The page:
New Partnership Audit Rules Will Require Amendment of All Partnership Agreements by 2018
On November 2, 2015, Congress passed the Bipartisan Budget Act of 2015, Section 1101 of which repeals the long-standing current rules for IRS audits of partnership entities and replaces those rules with a new centralized partnership audit regime that, in general, assesses and collects tax at the partnership level. This approach is contrary to the fact that partnerships are not subject to income tax – partners report and pay income tax on their share of partnership income. These new rules will become effective for returns filed for partnership taxable years beginning after December 31, 2017, although partnerships can elect to have these new rules apply to returns filed for partnership taxable years beginning after November 2, 2015 and before January 1, 2018.
Partnerships will have to make a number of decisions under these rules, and the failure to timely do so will, in some cases, put decision-making authority into the IRS’s hands. This new audit regime will be a sea change and will require the amendment of existing partnership (and LLC) agreements to remove references to concepts under the old audit rules and replace them with provisions that address the new framework. Every partnership will be faced with important choices with respect to the application of the new rules. For instance, certain “small partnerships” (100 or fewer partners) are allowed to opt out of the new audit regime. However, there may be circumstances in which a partnership determines that the option out is not the best choice because each partner could be audited individually, with possibly varying results.
As another example, partnerships that are subject to the new audit regime will be subjected to the resulting tax (called the “imputed underpayment”) at the partnership level, which means that the partners in the adjustment year will bear the financial burden of the underpayment; however, the partnership will have the option to modify (reduce) the imputed underpayment based on information related to the partners and/or to shift back liability for that underpayment to the persons who were partners during the reviewed year. These decisions are complicated by many factors and require judgment based on a careful analysis of the partnership’s business and owners.
Each of the elections afforded to partnerships should be addressed in the partnership agreement. In addition, there are many other issues that arise under the new rules that should be discussed and covered in the agreement. What happens if a partner sells some or all of his interest in the partnership between the year under audit and the year in which the audit gets resolved? Who bears responsibility for the underpayment and should this issue be covered in the agreement to purchase/sell the partnership interest? If the partnership pays the underpayment, how is it allocated to the partners? Does the partnership want to require partners to file amended returns for reviewed years, and how will the partnership gather and track this tax information? The list of questions to be addressed is long, and the answers will not all come easily.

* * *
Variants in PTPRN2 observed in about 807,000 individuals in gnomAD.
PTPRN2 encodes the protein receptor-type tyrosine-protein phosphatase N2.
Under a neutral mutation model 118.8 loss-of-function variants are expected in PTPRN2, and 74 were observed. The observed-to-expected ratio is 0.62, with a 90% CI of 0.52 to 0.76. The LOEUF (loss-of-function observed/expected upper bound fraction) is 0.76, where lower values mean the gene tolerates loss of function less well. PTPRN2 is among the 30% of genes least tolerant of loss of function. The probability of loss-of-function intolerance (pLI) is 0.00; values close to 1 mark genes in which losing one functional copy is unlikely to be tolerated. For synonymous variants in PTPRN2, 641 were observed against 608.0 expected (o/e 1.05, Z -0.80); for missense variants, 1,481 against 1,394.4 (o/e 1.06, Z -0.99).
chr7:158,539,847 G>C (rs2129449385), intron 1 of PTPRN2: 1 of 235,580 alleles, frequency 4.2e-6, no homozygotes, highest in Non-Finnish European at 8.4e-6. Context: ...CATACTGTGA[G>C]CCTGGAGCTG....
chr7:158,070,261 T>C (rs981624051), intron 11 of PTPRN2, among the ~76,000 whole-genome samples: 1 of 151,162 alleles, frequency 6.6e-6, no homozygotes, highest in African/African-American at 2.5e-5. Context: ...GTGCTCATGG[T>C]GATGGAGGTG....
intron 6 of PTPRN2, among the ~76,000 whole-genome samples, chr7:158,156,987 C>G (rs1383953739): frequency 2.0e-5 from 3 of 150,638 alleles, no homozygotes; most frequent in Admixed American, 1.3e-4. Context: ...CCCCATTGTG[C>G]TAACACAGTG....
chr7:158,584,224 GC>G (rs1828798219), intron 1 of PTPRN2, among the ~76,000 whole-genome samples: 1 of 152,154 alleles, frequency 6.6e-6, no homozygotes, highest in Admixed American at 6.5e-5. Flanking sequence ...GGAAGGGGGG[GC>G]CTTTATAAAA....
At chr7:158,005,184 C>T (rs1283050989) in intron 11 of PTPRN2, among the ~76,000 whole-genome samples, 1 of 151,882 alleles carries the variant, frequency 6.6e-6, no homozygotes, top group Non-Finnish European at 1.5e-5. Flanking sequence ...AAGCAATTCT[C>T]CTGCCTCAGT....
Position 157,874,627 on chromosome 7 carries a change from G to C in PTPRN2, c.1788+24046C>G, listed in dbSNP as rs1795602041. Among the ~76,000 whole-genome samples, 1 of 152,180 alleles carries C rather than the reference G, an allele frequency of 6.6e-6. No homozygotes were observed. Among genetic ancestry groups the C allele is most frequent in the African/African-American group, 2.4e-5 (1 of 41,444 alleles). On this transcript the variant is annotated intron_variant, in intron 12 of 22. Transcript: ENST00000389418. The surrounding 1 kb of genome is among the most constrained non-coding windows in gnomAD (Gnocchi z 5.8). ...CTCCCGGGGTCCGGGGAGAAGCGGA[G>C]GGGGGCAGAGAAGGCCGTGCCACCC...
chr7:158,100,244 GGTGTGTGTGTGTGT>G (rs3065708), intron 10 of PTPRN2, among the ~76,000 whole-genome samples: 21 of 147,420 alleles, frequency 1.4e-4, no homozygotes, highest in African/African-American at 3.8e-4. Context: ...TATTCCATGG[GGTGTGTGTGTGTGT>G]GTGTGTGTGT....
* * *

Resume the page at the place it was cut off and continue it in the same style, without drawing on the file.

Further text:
Another key change made by the new legislation is replacement of the “tax matters partner” with a “partnership representative,” who is authorized to act on behalf of the partnership with respect to the audit issues and to settle or litigate. The partnership representative does not have to be a partner in the partnership, but does need to be someone who is primarily located within the United States. The partnership representative will have significant fiduciary responsibilities to the partnership and its partners, and the selection of this person should be made with great care. The partnership agreement should address the rights and responsibilities of the partnership representative and the manner in which the representative will be chosen or replaced. If the position of partnership representative is vacant, the statute authorizes IRS to select that person; a partnership should never be in the position of having IRS determine who will be the partnership representative.
Congress vested a significant amount of authority in the IRS to promulgate regulations to implement the new audit regime, and the IRS is currently in the process of drafting those regulations. With respect to the formation of new partnerships and limited liability companies (to be taxed as partnerships), there is a question as to how much of the new audit regime material should be incorporated into the agreement at the time of formation. Future regulations may change the way in which the statute is applied, and those changes could necessitate amendment of the partnership agreement. Although practitioners are beginning to draft language addressing the new audit rules, until the IRS issues draft regulations for comment, the extent to which these regulations will impact analysis and drafting is unclear.
Over the next several months, we plan to issue additional advisories explaining the new audit regime in more detail, particularly as the IRS publishes proposed regulations for comments. Although 2018 feels a long way off, time goes by quickly, and during that time every entity taxed as a partnership should be working with their advisors to understand the new audit rules, discuss and determine the approach that makes the most sense for the entity and its owners and begin to prepare amendments to the partnership agreement to address the changes.
Until new regulations are promulgated by IRS, we will next address the rules as they relate to small partnerships and the complexities presented by the statutory language.